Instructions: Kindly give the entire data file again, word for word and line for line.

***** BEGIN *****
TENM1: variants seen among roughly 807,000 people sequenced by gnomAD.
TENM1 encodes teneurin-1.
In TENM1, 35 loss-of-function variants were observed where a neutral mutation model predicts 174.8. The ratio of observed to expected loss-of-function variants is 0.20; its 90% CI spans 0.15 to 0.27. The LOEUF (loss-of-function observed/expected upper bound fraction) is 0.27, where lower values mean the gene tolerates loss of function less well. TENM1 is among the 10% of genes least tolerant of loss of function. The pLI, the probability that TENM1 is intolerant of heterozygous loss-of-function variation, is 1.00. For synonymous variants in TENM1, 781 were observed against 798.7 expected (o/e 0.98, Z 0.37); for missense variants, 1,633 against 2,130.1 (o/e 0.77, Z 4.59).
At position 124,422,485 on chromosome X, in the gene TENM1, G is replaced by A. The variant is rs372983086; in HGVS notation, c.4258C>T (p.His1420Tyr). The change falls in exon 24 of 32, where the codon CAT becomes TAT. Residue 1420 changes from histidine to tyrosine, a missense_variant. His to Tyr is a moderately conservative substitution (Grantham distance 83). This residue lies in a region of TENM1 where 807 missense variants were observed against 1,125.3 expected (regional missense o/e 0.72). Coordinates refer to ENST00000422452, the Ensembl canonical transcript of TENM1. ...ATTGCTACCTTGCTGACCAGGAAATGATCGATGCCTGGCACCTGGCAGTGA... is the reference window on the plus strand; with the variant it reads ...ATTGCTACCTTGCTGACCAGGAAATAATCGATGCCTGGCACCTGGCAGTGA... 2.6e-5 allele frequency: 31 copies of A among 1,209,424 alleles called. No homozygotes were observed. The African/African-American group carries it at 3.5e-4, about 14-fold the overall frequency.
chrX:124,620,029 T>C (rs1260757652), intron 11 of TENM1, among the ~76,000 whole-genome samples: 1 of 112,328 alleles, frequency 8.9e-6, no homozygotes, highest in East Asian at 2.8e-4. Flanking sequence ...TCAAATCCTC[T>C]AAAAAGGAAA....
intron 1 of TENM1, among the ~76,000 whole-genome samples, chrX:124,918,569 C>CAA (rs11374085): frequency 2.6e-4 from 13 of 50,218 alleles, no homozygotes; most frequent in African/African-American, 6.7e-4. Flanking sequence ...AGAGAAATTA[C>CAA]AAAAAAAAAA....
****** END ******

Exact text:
TENM1: variants seen among roughly 807,000 people sequenced by gnomAD.
TENM1 encodes teneurin-1.
In TENM1, 35 loss-of-function variants were observed where a neutral mutation model predicts 174.8. The ratio of observed to expected loss-of-function variants is 0.20; its 90% CI spans 0.15 to 0.27. The LOEUF (loss-of-function observed/expected upper bound fraction) is 0.27, where lower values mean the gene tolerates loss of function less well. TENM1 is among the 10% of genes least tolerant of loss of function. The pLI, the probability that TENM1 is intolerant of heterozygous loss-of-function variation, is 1.00. For synonymous variants in TENM1, 781 were observed against 798.7 expected (o/e 0.98, Z 0.37); for missense variants, 1,633 against 2,130.1 (o/e 0.77, Z 4.59).
At position 124,422,485 on chromosome X, in the gene TENM1, G is replaced by A. The variant is rs372983086; in HGVS notation, c.4258C>T (p.His1420Tyr). The change falls in exon 24 of 32, where the codon CAT becomes TAT. Residue 1420 changes from histidine to tyrosine, a missense_variant. His to Tyr is a moderately conservative substitution (Grantham distance 83). This residue lies in a region of TENM1 where 807 missense variants were observed against 1,125.3 expected (regional missense o/e 0.72). Coordinates refer to ENST00000422452, the Ensembl canonical transcript of TENM1. ...ATTGCTACCTTGCTGACCAGGAAATGATCGATGCCTGGCACCTGGCAGTGA... is the reference window on the plus strand; with the variant it reads ...ATTGCTACCTTGCTGACCAGGAAATAATCGATGCCTGGCACCTGGCAGTGA... 2.6e-5 allele frequency: 31 copies of A among 1,209,424 alleles called. No homozygotes were observed. The African/African-American group carries it at 3.5e-4, about 14-fold the overall frequency.
chrX:124,620,029 T>C (rs1260757652), intron 11 of TENM1, among the ~76,000 whole-genome samples: 1 of 112,328 alleles, frequency 8.9e-6, no homozygotes, highest in East Asian at 2.8e-4. Flanking sequence ...TCAAATCCTC[T>C]AAAAAGGAAA....
intron 1 of TENM1, among the ~76,000 whole-genome samples, chrX:124,918,569 C>CAA (rs11374085): frequency 2.6e-4 from 13 of 50,218 alleles, no homozygotes; most frequent in African/African-American, 6.7e-4. Flanking sequence ...AGAGAAATTA[C>CAA]AAAAAAAAAA....